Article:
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Cyprus News Agency: News in English, 08-12-18

Cyprus News Agency: News in English Directory - Previous Article - Next Article

From: The Cyprus News Agency at <>




    The Advocate General of the Court of Justice of the European Communities believes that courts in European Union member states have an obligation to recognise and enforce judgments relating to property disputes, issued by Cypriot courts.

    This, the AG said, in spite of the fact that Cypriot courts cannot actually enforce these judgments, due to the fact that the government of Cyprus is prevented by the continuing Turkish occupation - from exercising its jurisdiction in the area where the said property lies, which is the northern part of the country.

    Advocate General of the Court of Justice of the European Communities, Julianne Kokkot, in her opinion on the Apostolides v Orams case, said a judgment issued by a court of the Republic of Cyprus must be recognised and enforced in the other EU member states, even where it relates to land in the Turkish occupied north of Cyprus.

    In her opinion, the AG notes that such recognition and enforcement is not precluded by the fact that, pending resolution of the Cyprus problem, the application of Community law is suspended in those areas of the Republic of Cyprus in which the Government of the Republic of Cyprus does not exercise effective control.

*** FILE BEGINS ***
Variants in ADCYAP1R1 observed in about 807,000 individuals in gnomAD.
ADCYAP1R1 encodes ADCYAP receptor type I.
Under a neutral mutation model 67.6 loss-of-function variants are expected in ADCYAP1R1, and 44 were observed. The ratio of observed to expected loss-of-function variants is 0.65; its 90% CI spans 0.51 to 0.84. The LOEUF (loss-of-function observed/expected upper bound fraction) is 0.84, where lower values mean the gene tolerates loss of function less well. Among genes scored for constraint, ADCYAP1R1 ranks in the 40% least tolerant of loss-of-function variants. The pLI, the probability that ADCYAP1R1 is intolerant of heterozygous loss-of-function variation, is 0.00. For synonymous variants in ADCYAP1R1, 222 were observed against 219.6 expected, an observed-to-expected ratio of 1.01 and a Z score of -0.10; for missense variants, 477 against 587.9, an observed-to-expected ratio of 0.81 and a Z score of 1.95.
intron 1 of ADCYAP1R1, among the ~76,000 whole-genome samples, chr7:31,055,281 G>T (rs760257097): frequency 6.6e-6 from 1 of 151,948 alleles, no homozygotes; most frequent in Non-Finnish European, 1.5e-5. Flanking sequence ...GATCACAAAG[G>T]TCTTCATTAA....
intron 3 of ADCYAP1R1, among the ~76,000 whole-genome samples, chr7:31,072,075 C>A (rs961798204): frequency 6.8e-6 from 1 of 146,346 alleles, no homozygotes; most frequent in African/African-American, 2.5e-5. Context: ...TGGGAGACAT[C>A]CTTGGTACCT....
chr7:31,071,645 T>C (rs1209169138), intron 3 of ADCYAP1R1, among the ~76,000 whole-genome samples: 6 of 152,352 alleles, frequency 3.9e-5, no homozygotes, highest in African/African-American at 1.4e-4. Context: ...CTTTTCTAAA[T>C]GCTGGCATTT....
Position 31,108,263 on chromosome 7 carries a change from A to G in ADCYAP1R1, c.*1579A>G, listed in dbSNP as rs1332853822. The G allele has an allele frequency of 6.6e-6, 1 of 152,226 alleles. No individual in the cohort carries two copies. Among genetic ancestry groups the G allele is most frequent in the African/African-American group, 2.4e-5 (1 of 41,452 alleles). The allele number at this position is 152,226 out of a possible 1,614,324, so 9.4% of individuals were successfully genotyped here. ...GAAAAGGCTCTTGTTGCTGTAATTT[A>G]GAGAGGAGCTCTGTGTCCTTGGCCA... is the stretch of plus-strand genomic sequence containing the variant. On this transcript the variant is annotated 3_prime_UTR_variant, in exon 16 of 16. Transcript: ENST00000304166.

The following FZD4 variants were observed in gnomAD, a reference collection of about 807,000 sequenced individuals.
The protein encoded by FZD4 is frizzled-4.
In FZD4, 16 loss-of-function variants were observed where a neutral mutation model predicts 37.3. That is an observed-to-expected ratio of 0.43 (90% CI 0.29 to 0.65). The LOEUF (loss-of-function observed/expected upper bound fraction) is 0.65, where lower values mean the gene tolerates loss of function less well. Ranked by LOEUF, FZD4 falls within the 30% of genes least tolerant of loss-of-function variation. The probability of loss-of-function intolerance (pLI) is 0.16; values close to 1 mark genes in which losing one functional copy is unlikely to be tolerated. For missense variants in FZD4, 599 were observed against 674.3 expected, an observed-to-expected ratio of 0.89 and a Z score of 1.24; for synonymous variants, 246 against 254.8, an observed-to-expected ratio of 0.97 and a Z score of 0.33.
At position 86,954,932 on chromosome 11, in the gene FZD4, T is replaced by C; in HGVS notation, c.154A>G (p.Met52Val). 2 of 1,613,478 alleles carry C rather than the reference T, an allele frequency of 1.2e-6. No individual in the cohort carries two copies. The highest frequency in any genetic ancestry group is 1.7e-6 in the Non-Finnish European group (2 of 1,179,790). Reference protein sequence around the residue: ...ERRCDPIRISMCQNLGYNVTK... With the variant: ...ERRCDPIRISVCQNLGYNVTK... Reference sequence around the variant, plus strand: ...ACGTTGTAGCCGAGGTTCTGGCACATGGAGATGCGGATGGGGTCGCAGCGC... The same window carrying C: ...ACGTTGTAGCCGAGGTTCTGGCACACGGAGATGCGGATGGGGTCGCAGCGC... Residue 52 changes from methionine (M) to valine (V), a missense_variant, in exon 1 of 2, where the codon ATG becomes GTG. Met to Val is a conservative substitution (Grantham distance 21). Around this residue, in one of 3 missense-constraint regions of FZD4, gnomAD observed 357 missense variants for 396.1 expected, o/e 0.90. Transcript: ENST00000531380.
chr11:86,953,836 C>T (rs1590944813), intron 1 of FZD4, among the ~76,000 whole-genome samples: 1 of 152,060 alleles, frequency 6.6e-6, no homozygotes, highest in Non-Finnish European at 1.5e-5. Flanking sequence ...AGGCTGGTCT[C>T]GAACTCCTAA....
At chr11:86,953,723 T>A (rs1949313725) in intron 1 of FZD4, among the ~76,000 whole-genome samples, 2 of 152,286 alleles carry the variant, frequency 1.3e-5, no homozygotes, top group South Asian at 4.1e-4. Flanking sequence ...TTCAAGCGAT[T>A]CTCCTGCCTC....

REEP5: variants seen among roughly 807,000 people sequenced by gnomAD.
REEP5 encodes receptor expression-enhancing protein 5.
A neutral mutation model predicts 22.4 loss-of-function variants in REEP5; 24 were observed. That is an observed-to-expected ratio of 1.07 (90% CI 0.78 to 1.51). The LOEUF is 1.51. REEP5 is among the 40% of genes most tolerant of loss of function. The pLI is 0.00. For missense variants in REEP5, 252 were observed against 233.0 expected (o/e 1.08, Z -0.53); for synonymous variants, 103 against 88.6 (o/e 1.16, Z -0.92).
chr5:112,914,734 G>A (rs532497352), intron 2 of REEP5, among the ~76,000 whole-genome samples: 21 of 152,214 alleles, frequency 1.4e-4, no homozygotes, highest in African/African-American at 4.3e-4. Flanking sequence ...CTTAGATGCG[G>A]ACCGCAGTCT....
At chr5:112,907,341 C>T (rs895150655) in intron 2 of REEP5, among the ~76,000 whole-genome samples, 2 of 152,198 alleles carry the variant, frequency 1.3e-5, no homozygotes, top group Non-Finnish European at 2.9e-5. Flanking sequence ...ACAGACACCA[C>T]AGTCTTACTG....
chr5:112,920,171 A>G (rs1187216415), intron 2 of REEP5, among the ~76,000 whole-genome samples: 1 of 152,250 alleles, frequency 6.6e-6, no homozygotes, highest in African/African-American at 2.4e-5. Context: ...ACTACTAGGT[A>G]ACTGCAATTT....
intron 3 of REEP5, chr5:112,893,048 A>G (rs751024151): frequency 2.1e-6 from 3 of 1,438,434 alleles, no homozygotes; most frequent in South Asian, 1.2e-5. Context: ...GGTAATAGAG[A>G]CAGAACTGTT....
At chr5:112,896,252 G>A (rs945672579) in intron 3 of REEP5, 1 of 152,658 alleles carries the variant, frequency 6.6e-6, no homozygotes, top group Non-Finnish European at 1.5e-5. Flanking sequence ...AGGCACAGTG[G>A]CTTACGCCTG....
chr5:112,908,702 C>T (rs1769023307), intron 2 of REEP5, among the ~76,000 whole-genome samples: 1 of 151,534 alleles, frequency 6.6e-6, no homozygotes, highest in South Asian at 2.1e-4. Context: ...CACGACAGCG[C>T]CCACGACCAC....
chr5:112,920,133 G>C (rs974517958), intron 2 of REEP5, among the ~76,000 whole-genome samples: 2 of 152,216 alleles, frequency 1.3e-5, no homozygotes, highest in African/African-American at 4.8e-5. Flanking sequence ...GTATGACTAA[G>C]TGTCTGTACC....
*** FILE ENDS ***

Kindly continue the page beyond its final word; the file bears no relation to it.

The Advocate Generals Opinion is not binding on the Court. It is the role of the Advocates General to propose to the Court, in complete independence, a legal solution to the cases for which they are responsible. The Judges of the Court of Justice are now beginning their deliberations on the Apostolides v Orams case. Judgment will be given at a later date.

    In her opinion, the AG said the background to the Opinion, delivered on Thursday, is the division of Cyprus following the intervention of Turkish troops in 1974. The Republic of Cyprus, which acceded to the EU in 2004, has effective control over the southern area alone, while, in the northern area, the Turkish Republic of North Cyprus (a self-styled regime set up by the Turkish Cypriots) has established itself, even though it is not recognised by the international community for the purposes of international law except by Turkey, it said. Since the Republic of Cyprus does not exercise sovereign jurisdiction over the northern area, the application of Community law was suspended in that area by a protocol to the Act of Accession, it added.

    In the opinion of the Advocate General, that protocol does not exclude the application of the EU Regulation on Jurisdiction and the Recognition and Enforcement of Judgments in a dispute before the United Kingdom courts which relates to the northern part of Cyprus.